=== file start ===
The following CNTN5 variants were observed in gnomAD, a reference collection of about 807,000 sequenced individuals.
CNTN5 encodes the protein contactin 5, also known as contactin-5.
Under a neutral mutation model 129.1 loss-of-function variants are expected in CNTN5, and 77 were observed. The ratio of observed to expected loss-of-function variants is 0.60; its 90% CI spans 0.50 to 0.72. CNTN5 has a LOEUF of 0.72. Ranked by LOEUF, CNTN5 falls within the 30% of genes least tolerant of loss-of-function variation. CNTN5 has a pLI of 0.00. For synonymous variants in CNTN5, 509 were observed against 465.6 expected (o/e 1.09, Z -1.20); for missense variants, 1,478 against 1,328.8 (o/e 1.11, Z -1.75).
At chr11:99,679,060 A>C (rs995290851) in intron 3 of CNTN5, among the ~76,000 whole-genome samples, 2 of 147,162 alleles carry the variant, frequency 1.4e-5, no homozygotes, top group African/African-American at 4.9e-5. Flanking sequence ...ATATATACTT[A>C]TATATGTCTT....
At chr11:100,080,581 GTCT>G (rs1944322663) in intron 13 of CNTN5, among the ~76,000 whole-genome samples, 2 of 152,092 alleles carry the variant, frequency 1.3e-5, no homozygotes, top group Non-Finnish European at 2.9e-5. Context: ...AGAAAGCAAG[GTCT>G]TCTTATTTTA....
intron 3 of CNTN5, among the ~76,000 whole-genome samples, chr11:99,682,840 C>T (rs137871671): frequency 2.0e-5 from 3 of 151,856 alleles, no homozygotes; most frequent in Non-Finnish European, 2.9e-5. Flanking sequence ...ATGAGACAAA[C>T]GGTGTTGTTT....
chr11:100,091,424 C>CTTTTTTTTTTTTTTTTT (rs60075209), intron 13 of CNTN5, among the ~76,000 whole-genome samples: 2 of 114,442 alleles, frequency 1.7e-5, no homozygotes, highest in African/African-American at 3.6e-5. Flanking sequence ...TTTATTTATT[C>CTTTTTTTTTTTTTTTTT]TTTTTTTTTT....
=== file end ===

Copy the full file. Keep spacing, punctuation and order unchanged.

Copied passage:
The following CNTN5 variants were observed in gnomAD, a reference collection of about 807,000 sequenced individuals.
CNTN5 encodes the protein contactin 5, also known as contactin-5.
Under a neutral mutation model 129.1 loss-of-function variants are expected in CNTN5, and 77 were observed. The ratio of observed to expected loss-of-function variants is 0.60; its 90% CI spans 0.50 to 0.72. CNTN5 has a LOEUF of 0.72. Ranked by LOEUF, CNTN5 falls within the 30% of genes least tolerant of loss-of-function variation. CNTN5 has a pLI of 0.00. For synonymous variants in CNTN5, 509 were observed against 465.6 expected (o/e 1.09, Z -1.20); for missense variants, 1,478 against 1,328.8 (o/e 1.11, Z -1.75).
At chr11:99,679,060 A>C (rs995290851) in intron 3 of CNTN5, among the ~76,000 whole-genome samples, 2 of 147,162 alleles carry the variant, frequency 1.4e-5, no homozygotes, top group African/African-American at 4.9e-5. Flanking sequence ...ATATATACTT[A>C]TATATGTCTT....
At chr11:100,080,581 GTCT>G (rs1944322663) in intron 13 of CNTN5, among the ~76,000 whole-genome samples, 2 of 152,092 alleles carry the variant, frequency 1.3e-5, no homozygotes, top group Non-Finnish European at 2.9e-5. Context: ...AGAAAGCAAG[GTCT>G]TCTTATTTTA....
intron 3 of CNTN5, among the ~76,000 whole-genome samples, chr11:99,682,840 C>T (rs137871671): frequency 2.0e-5 from 3 of 151,856 alleles, no homozygotes; most frequent in Non-Finnish European, 2.9e-5. Flanking sequence ...ATGAGACAAA[C>T]GGTGTTGTTT....
chr11:100,091,424 C>CTTTTTTTTTTTTTTTTT (rs60075209), intron 13 of CNTN5, among the ~76,000 whole-genome samples: 2 of 114,442 alleles, frequency 1.7e-5, no homozygotes, highest in African/African-American at 3.6e-5. Flanking sequence ...TTTATTTATT[C>CTTTTTTTTTTTTTTTTT]TTTTTTTTTT....